Republican Gov. Rick Scott has been lobbying lawmakers to pass his plan to assign at least one law-enforcement officer for every 1,000 students at a school. Scott is opposed to arming teachers.

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Nikolas Cruz’s brother regrets bullying alleged school shooter, police report says

The younger brother of the man who allegedly killed 17 people at Marjory Stoneman Douglas High school told investigators that he bullied his sibling when they were younger, according to a sheriff’s report.

Zachary Cruz said two days after the massacre that he felt guilty about the incident and thought he possibly could have prevented it, a Palm Beach County detective wrote in the report.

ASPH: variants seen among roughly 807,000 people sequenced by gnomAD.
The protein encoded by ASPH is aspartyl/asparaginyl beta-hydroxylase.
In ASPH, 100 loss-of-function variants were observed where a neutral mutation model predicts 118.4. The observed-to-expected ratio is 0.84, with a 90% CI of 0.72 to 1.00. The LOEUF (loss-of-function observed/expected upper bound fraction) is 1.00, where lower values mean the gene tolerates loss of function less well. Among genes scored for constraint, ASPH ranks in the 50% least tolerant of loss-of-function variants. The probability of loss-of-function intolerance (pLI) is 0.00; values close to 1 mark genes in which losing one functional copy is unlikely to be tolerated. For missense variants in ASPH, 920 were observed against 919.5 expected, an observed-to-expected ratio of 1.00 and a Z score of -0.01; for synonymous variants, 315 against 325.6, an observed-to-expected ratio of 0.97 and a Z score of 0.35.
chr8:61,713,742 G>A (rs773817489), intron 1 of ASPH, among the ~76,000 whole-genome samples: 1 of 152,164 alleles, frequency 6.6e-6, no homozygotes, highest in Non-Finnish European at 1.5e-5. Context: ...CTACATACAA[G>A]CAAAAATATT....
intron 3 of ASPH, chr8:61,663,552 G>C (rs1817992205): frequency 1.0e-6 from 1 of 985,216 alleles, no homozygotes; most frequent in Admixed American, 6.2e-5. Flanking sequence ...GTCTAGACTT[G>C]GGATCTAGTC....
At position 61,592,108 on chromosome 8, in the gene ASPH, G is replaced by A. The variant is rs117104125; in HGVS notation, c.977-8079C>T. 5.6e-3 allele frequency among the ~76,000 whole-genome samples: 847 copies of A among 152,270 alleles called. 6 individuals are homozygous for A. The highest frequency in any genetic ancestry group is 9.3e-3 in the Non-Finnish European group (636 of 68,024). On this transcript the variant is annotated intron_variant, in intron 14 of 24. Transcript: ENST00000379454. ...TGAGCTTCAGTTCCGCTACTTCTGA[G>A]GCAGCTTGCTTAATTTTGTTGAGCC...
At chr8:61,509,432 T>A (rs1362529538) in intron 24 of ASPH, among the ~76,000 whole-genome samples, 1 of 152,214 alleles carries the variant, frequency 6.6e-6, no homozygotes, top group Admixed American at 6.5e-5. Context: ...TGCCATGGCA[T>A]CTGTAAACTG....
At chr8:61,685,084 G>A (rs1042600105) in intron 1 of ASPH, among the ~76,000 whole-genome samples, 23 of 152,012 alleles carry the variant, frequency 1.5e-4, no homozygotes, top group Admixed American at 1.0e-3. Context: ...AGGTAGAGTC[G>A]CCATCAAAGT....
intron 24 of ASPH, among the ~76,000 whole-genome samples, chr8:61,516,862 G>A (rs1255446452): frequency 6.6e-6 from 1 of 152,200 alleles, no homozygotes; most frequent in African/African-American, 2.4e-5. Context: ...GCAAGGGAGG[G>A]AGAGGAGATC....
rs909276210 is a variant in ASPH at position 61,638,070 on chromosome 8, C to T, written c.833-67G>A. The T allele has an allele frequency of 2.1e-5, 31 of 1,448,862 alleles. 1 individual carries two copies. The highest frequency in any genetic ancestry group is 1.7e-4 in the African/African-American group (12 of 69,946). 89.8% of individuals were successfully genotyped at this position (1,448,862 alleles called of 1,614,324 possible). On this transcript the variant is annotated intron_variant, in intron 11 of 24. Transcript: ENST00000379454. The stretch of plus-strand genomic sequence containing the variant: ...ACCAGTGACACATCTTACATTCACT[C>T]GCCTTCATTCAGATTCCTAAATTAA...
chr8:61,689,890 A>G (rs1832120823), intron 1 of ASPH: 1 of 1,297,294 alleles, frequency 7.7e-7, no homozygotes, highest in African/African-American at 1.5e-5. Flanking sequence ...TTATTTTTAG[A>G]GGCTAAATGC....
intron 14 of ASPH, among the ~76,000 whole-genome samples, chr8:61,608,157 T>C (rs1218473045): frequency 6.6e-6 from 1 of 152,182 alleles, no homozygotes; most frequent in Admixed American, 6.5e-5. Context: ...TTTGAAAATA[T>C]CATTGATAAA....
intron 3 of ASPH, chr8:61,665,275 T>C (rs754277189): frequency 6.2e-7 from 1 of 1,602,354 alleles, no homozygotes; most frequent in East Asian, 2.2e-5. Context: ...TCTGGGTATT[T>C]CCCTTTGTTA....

Cruz, who has turned 18 since the shooting, told the investigators from Palm Beach and Broward counties that he and his friends had bullied Nikolas Cruz, something Zachary “now regrets ever doing,” according to the report.

Zachary wishes that he had been nicer to his brother, the detective wrote. Zachary Cruz also may have had some resentment because Nikolas Cruz may have been the “favored brother,” the report said.

Nikolas Cruz allegedly used a semiautomatic rifle to kill 14 students and three teachers on February 14 at Stoneman Douglas in Parkland, Florida. The shooting spurred a national debate over gun laws.